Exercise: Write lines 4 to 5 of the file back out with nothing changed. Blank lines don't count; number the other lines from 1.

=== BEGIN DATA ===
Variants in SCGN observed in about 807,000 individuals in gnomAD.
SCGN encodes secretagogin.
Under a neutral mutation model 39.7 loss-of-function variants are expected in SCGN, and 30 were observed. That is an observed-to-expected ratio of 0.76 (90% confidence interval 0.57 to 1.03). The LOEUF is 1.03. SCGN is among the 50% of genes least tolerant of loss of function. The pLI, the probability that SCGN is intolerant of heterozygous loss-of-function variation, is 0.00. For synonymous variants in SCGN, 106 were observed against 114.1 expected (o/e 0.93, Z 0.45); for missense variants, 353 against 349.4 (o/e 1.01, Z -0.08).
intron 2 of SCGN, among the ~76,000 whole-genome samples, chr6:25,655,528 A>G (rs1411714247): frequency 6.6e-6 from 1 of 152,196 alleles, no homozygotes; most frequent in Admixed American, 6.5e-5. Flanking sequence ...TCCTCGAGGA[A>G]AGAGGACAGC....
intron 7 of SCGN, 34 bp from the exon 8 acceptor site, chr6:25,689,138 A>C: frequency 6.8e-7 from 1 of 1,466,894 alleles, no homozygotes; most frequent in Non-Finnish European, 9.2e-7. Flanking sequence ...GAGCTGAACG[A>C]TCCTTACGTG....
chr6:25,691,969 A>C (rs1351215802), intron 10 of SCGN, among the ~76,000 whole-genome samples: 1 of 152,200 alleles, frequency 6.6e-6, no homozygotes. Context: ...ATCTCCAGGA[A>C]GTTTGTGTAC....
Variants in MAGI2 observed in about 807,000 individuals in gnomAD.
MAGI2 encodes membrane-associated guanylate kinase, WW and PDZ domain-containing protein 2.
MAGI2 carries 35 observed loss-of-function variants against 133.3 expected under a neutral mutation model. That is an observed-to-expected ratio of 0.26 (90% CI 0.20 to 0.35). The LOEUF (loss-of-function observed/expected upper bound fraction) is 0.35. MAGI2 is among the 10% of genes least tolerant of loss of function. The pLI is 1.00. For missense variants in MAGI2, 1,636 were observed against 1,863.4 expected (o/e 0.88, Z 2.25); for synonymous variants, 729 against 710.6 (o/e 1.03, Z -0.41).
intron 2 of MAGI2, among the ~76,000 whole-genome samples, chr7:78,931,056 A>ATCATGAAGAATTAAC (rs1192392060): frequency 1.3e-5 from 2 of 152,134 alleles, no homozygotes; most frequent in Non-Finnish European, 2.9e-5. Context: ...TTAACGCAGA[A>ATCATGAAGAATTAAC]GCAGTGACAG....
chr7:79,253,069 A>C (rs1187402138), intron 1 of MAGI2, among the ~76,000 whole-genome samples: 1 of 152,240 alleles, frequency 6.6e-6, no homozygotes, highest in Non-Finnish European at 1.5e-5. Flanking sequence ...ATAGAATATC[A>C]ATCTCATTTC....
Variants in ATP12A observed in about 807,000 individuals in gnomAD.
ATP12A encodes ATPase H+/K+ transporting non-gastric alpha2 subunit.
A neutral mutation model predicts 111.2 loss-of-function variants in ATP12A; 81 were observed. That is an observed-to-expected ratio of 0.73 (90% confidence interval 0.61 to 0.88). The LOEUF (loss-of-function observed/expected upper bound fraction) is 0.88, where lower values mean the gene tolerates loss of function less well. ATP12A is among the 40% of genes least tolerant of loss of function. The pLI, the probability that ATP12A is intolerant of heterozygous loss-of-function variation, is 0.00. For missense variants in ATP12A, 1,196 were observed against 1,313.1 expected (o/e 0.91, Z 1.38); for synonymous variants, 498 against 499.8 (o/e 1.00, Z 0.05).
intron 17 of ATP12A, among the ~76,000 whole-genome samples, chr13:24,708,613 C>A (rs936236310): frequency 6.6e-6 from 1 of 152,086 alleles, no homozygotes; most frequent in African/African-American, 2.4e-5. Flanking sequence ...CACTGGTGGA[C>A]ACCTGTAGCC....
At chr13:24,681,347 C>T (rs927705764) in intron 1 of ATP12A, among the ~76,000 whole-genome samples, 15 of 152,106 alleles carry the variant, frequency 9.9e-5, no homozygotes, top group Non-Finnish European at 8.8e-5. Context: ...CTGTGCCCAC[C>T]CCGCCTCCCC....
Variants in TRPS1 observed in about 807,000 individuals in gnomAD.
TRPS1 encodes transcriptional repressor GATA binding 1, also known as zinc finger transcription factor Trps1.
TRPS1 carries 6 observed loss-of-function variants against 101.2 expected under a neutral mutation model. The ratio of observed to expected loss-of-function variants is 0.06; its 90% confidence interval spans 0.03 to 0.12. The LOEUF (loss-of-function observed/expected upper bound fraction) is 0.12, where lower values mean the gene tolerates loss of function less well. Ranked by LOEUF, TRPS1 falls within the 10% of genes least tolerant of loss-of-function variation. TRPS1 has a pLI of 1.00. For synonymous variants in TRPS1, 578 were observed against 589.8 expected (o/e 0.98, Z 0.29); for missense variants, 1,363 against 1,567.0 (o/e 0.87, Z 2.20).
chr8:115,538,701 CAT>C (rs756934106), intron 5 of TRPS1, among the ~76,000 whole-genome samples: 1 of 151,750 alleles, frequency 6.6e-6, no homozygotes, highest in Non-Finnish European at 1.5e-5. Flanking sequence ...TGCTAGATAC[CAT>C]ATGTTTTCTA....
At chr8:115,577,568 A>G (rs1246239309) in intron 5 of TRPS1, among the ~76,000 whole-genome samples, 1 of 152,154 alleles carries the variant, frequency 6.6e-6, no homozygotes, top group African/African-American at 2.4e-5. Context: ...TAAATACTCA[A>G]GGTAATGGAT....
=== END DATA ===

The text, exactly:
intron 2 of SCGN, among the ~76,000 whole-genome samples, chr6:25,655,528 A>G (rs1411714247): frequency 6.6e-6 from 1 of 152,196 alleles, no homozygotes; most frequent in Admixed American, 6.5e-5. Flanking sequence ...TCCTCGAGGA[A>G]AGAGGACAGC....
intron 7 of SCGN, 34 bp from the exon 8 acceptor site, chr6:25,689,138 A>C: frequency 6.8e-7 from 1 of 1,466,894 alleles, no homozygotes; most frequent in Non-Finnish European, 9.2e-7. Flanking sequence ...GAGCTGAACG[A>C]TCCTTACGTG....